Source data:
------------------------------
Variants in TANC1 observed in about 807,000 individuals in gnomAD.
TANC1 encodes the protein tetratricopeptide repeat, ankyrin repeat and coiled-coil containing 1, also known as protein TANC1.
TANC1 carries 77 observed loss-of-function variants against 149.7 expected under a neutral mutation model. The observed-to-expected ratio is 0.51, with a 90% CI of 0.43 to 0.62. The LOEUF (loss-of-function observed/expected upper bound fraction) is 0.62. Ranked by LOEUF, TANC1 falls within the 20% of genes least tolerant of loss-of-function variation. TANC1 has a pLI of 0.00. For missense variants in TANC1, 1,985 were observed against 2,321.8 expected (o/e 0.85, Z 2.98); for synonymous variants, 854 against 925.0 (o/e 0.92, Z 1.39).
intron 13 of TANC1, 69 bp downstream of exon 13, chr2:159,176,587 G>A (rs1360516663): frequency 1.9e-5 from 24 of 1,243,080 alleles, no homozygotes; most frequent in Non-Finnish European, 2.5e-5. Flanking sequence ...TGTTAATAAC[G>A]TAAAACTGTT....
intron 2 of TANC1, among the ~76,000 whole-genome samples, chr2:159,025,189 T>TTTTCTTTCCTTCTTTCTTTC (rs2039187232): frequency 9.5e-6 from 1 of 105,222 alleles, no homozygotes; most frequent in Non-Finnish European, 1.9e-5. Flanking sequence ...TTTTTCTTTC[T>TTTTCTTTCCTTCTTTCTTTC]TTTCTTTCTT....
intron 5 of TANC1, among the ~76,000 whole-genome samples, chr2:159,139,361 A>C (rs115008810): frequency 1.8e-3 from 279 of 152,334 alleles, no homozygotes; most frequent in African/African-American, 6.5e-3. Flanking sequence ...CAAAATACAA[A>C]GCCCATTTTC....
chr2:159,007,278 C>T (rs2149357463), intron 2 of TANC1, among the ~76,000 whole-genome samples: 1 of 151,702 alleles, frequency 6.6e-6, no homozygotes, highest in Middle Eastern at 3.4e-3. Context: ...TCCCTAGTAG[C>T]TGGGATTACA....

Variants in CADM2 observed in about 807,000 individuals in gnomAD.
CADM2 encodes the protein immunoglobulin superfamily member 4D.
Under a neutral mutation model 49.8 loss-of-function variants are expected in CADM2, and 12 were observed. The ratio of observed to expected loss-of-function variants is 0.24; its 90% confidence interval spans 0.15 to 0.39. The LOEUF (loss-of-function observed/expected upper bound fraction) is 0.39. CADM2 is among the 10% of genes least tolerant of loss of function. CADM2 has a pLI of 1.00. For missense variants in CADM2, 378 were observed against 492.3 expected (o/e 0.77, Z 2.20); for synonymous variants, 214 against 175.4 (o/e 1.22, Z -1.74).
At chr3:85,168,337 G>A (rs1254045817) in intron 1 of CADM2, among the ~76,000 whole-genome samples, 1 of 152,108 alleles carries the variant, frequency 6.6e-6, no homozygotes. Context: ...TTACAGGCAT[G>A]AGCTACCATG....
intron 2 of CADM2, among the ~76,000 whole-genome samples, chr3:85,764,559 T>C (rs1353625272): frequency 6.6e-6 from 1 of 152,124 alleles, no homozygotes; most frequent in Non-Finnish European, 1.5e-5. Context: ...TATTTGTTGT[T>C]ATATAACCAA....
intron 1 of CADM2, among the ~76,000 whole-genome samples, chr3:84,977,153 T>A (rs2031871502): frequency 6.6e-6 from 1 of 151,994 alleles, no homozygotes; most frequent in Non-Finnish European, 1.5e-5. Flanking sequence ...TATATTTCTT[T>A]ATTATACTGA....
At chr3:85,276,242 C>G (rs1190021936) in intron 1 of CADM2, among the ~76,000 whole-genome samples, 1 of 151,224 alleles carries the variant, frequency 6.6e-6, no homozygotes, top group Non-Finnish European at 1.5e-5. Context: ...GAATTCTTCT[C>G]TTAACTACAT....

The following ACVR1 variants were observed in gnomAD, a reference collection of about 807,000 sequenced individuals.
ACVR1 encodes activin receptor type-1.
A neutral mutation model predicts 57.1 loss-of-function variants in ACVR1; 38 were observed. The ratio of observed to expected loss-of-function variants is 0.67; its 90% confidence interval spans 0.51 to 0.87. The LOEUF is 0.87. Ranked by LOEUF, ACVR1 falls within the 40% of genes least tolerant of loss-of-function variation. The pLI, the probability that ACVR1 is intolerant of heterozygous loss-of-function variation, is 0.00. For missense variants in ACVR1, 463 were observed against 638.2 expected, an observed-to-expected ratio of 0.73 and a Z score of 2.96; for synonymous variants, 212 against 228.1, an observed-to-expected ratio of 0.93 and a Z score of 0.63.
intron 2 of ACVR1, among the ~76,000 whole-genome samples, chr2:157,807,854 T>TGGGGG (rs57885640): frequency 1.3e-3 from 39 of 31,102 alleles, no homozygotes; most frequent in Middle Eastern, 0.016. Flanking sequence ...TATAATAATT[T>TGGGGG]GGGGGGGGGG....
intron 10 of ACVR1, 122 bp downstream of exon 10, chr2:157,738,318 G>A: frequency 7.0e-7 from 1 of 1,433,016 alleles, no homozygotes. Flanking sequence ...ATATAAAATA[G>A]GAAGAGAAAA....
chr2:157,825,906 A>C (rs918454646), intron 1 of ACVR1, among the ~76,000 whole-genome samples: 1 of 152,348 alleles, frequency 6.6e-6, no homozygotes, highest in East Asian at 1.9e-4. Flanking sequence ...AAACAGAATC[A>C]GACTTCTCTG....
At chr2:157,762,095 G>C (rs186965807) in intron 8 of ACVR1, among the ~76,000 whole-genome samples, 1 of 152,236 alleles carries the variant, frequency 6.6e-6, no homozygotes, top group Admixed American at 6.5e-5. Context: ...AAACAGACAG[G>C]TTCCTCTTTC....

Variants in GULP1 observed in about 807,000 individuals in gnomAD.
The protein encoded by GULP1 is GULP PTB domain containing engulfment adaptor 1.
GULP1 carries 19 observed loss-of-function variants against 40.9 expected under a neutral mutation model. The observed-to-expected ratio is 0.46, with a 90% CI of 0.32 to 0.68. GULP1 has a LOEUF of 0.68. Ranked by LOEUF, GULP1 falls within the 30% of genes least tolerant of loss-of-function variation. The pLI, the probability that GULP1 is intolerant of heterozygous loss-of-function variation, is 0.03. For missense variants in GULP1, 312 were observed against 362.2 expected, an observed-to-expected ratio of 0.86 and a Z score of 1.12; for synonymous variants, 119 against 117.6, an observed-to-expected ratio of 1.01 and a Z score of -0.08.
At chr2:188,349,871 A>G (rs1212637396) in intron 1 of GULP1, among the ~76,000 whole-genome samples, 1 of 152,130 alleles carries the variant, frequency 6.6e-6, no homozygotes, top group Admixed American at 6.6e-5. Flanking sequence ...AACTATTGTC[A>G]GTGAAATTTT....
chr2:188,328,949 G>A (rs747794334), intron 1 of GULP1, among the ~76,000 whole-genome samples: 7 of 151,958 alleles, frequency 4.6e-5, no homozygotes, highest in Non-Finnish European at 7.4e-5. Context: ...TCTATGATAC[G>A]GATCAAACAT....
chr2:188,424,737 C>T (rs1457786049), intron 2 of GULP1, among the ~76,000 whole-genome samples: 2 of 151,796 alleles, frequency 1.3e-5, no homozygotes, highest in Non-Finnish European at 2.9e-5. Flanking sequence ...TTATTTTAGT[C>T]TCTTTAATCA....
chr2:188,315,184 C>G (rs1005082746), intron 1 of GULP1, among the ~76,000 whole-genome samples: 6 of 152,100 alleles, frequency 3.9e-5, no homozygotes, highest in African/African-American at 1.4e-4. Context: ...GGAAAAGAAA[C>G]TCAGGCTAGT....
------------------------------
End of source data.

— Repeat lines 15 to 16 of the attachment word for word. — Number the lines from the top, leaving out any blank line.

The following ACVR1 variants were observed in gnomAD, a reference collection of about 807,000 sequenced individuals.
ACVR1 encodes activin receptor type-1.